MARIANNE FRIERI, Ph.D., M.D.; NICHOLAS M. PAPADOPOULOS, Ph.D.; MICHAEL A. KALINER, M.D.; DEAN D. METCALFE, M.D.
Systemic mastocytosis is a multisystem disease involving mast cell proliferation in the skin, bone, lymph nodes, liver, spleen, and gastrointestinal tract. When mast cell proliferation is limited to the skin, the disease is more benign and is termed urticaria pigmentosa. Patients with systemic mastocytosis experience numerous problems attributable to an excess of mast-cell-derived chemical mediators. These difficulties include pruritis, flushing, hypotension, and peptic ulcer disease among others (1). It has been suggested that one of the functions of mast cells may be the prevention of atherosclerosis due to the lipid-clearing actions of mast cell heparin (2). However, patients with systemic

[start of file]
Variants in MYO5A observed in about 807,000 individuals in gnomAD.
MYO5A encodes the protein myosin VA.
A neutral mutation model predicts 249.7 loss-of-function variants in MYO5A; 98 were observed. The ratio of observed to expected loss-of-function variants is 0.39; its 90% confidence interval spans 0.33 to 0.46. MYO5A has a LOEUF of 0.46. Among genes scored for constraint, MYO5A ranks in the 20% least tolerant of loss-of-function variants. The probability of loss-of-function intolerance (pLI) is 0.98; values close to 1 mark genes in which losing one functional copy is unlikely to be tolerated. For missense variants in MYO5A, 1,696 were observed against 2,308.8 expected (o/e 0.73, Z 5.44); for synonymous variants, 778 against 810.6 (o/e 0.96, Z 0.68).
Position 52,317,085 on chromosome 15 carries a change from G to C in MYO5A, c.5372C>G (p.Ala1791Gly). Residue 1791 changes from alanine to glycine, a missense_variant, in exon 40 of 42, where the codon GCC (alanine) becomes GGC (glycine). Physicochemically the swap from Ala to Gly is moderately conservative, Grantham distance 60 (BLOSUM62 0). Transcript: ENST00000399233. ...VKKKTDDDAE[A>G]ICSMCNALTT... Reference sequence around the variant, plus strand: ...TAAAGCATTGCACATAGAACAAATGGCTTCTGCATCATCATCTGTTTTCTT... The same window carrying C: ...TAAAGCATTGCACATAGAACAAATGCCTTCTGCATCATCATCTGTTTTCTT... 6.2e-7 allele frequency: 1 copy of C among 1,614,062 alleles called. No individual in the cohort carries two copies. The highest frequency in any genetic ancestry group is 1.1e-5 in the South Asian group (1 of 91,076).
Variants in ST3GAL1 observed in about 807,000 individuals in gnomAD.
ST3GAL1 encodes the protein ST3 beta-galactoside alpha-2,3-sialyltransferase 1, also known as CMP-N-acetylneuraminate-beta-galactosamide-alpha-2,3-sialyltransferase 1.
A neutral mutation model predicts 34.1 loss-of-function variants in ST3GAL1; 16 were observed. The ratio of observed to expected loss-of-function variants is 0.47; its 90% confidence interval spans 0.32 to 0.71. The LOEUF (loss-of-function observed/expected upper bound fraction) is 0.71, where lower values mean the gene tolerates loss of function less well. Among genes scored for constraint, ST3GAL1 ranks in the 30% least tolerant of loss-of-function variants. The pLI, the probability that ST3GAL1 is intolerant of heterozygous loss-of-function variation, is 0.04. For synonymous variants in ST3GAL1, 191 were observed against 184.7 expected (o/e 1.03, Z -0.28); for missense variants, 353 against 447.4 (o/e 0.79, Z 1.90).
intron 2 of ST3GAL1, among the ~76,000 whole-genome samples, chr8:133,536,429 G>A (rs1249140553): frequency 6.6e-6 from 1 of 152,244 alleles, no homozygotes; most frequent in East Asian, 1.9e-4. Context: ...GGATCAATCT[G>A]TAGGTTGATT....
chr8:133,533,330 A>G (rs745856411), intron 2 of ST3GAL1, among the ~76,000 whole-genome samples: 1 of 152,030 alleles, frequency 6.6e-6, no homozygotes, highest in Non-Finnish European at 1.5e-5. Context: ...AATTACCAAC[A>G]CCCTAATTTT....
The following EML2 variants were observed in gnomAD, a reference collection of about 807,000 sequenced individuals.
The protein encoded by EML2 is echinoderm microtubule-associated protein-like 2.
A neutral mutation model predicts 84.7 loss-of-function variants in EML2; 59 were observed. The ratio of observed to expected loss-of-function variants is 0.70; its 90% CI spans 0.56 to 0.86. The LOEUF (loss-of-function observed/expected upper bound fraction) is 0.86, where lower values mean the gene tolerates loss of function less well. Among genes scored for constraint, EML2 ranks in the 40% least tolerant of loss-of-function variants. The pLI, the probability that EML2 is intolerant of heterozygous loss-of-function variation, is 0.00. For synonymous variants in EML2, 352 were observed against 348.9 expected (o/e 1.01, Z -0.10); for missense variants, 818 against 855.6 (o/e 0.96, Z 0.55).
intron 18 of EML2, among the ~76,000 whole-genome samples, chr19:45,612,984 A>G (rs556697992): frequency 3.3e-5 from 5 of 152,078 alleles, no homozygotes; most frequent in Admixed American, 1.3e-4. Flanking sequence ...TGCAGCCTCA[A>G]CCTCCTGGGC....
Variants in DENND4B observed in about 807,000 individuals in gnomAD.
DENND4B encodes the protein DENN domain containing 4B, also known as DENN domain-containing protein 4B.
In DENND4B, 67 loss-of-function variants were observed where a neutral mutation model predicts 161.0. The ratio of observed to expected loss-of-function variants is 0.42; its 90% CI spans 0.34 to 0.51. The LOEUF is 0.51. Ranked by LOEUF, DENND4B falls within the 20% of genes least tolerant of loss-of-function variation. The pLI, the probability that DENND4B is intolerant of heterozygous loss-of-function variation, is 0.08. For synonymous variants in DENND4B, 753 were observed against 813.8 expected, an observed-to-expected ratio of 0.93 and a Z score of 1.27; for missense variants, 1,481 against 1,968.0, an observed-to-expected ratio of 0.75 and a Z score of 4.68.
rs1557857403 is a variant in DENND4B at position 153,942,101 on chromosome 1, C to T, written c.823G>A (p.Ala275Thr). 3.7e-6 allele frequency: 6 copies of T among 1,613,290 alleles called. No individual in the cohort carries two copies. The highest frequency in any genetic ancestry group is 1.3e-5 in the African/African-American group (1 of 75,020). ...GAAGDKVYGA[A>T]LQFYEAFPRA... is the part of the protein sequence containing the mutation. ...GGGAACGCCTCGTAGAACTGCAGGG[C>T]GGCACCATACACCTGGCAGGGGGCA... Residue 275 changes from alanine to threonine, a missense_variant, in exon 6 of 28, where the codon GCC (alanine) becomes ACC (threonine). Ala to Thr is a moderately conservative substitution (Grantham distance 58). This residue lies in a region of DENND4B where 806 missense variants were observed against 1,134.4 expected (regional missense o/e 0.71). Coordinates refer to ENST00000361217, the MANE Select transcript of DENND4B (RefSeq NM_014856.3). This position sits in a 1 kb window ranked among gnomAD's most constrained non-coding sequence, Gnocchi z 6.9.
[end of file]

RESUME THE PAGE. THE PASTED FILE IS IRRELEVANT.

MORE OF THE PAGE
FRIERI M, PAPADOPOULOS NM, KALINER MA, METCALFE DD. An Abnormal Pre-Beta Lipoprotein in Patients with Systemic Mastocytosis. Ann Intern Med. 1982;97:220–221. doi: 10.7326/0003-4819-97-2-220
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Published: Ann Intern Med. 1982;97(2):220-221.
Cardiology, Coronary Risk Factors, Dyslipidemia, Hematology/Oncology.
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